Dissolution and the Corporate Transparency Act

An alert participant in a recent seminar asked about the filing obligation under the Corporate Transparency Act for an entity that is either dissolved, or in the process of dissolving. The question is a good one because neither the statute nor the draft FinCEN regulations provide clear guidance on when an entity ceases to have a filing obligation. (Hat tip: Darrel Begnaud, General Counsel, burton + BURTON®)

The Corporate Transparency Act obligates a "reporting company" to file a beneficial ownership report. Draft Regulations 31 CFR 1010.380(a)(i) . FinCEN's draft regulations (31 CFR 1010.380(c)(i)) define "reporting company" as either a "domestic reporting company" or a "foreign reporting company" with the following definitions:

(i) The term ''domestic reporting company'' means any entity that is:
(A) A corporation;
(B) Limited liability company; or
(C) Other entity that is created by the filing of a document with a secretary of state or any similar office under the law of a State or Indian tribe.
(ii) The term ''foreign reporting company'' means any entity that is:
(A) A corporation, limited liability company, or other entity;
(B) Formed under the law of a foreign country; and
(C) Registered to do business in any State or tribal jurisdiction by the filing of a document with a secretary of state or any similar office under the law of a State or Indian tribe.

FinCEN's draft regulations do not indicate when a corporation, limited liability company or other entity that is a "domestic reporting company" ceases to constitute a "domestic reporting company."

In many states, the process of dissolving a corporation or limited liability company takes several steps. Under the Revised Uniform Limited Liability Company Act (adopted in 20 states), for example, an LLC may be dissolved (a) administratively, by the Secretary of State, if the entity ceases to pay its annual fees and file its annual reports, (b) by the voluntary action of the LLC's members or managers, and (c) as a result of several external events (such as a court order). [RULLCA Sec. 701]. But dissolution is not the end of the LLC's legal life. Under Section 702 of the RULLCA, a dissolved LLC continues to exist for the purpose of "winding up" its activities. During the "winding up" phase, a dissolved LLC may take a variety of actions to conclude its business, including settling litigation, selling assets, transferring assets, discharging indebtedness and so on. [RULLCA Sec. 702(b)].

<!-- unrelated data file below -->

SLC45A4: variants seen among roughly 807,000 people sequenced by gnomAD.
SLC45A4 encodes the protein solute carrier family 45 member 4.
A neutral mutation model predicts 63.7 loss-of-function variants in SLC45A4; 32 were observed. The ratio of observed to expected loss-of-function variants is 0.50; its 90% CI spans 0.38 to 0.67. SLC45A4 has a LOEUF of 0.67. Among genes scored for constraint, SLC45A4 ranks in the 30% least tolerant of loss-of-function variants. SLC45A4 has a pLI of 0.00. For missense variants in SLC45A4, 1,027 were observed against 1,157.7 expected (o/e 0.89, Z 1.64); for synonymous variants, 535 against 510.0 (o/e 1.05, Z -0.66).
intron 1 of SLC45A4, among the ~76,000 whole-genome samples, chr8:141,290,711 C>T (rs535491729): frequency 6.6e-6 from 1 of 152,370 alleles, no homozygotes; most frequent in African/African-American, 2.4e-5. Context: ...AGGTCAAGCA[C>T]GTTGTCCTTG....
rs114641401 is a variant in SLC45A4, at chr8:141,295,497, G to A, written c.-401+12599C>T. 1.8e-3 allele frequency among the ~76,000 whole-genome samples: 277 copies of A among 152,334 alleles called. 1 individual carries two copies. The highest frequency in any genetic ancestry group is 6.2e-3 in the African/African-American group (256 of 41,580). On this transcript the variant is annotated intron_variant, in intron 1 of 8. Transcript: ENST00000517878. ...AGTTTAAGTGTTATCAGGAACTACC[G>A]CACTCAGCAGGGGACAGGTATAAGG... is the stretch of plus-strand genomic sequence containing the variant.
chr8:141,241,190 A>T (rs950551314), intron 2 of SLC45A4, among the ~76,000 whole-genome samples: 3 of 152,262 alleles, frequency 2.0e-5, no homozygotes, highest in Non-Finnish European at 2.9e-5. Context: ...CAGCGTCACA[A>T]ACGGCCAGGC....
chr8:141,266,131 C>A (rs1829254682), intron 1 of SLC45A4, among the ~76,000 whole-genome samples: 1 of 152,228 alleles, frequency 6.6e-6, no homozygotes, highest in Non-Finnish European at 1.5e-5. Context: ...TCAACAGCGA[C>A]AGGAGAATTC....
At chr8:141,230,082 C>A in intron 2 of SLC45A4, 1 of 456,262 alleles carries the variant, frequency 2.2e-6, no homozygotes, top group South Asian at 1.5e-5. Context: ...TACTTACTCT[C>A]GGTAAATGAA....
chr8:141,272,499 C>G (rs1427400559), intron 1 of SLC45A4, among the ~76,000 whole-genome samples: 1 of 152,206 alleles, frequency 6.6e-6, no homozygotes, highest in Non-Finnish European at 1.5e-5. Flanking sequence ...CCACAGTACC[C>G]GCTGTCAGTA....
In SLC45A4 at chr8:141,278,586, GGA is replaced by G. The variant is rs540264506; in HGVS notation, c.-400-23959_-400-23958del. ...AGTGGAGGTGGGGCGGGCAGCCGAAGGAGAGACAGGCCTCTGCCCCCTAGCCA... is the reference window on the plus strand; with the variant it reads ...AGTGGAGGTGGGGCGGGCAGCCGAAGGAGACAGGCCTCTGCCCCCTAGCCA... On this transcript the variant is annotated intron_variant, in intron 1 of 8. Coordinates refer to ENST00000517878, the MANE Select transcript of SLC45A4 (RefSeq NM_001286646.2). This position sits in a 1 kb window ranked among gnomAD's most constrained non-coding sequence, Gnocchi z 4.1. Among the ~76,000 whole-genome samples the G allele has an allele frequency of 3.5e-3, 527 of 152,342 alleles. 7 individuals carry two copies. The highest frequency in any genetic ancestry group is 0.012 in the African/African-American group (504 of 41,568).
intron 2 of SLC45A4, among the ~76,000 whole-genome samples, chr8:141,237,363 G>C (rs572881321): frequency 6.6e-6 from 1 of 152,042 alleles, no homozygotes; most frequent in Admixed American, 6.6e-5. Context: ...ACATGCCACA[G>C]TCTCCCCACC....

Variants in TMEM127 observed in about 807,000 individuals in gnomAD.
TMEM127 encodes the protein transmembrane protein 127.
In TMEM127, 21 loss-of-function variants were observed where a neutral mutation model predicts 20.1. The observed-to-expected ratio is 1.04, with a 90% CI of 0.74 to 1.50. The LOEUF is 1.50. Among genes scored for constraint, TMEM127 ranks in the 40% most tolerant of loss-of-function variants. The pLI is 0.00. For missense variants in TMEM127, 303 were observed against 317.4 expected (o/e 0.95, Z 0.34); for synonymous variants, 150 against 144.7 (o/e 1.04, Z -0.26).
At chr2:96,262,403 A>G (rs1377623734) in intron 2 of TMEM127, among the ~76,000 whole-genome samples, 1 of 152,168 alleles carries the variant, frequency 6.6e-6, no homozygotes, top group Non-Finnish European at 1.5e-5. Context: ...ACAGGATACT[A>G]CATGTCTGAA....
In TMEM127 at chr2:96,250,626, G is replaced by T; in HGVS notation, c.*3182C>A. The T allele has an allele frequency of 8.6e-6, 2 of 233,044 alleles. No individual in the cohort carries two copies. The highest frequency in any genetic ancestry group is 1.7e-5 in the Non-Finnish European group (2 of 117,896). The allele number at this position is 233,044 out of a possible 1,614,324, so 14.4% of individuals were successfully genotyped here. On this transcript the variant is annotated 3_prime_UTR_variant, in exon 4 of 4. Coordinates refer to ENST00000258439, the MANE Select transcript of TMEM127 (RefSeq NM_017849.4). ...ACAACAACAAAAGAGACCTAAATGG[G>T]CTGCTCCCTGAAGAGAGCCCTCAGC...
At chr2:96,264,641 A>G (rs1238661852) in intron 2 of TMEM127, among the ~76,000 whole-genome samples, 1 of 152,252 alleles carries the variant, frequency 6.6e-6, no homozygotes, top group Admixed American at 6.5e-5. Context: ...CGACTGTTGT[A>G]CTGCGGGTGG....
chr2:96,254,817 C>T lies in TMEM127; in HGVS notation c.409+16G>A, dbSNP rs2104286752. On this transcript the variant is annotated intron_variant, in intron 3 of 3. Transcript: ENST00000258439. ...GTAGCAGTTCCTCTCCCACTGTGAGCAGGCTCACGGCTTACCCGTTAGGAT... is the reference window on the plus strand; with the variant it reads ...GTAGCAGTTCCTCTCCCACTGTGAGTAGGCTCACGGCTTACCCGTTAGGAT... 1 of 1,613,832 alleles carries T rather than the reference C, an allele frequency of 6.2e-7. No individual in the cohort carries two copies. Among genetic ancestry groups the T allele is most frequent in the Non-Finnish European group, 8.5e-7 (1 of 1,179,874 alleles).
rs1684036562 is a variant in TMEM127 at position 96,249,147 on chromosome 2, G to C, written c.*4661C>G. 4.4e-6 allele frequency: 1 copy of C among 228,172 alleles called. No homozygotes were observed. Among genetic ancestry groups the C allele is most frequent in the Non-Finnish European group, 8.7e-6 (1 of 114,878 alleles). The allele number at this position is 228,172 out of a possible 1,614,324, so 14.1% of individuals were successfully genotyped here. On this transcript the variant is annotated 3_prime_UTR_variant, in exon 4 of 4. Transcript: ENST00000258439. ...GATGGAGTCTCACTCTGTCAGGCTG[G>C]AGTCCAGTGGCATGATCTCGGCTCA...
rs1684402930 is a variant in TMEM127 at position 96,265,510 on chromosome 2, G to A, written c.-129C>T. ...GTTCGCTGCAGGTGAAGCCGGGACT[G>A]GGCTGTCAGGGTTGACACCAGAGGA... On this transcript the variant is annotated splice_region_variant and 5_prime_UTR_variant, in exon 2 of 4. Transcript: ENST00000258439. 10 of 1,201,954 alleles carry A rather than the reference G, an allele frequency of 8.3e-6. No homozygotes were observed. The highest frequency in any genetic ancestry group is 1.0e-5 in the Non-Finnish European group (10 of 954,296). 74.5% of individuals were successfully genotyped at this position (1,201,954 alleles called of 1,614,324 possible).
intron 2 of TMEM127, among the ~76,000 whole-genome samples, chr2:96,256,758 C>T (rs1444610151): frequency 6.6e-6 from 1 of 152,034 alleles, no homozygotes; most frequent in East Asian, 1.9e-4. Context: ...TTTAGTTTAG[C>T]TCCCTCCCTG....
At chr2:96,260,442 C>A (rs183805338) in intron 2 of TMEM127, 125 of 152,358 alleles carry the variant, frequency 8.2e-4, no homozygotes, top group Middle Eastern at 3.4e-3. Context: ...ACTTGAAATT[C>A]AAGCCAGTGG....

If the purpose of the CTA is to empower law enforcement, through FinCEN, by collecting beneficial ownership control information, mere dissolution should not end an entity's role as a "reporting company." Dissolved entities continue to have legal personhood. They may sell assets, discharge indebtedness and transfer assets (including cash). As a result, the policy behind the CTA would seem to require a dissolved company to continue to report its beneficial ownership until the dissolution process is final and the entity's legal existence is ended.

This is especially true in the case of LLCs under the RULLCA because that law contemplates the possibility that a dissolved LLC may "revoke" its dissolution and return to active business status. [RULLCA Sec. 703].

So, while the draft FinCEN regulations to not provide clear guidance, it would be prudent for companies and their counsel to continue to report beneficial ownership, even after the company has begun its dissolution or "winding up." Perhaps the final FinCEN regulations will make it possible for a reporting company to amend its beneficial ownership report to indicate that it has begun winding up. Ideally, there would be a final amendment (similar to the final amendment to an SEC registration statement for a "going private" transaction) that a dissolved entity would file to signify the completion of its winding up and the end of its corporate existence.

About The Author

Jonathan Wilson is the co-founder of FinCEN Report Company with 31 years of experience in corporate, M&A and securities matters. He is the author of The Corporate Transparency Act Compliance Guide (to be published by Lexis Nexis in the summer of 2023) and the Lexis Practical Guidance Practice Note on the Corporate Transparency Act.

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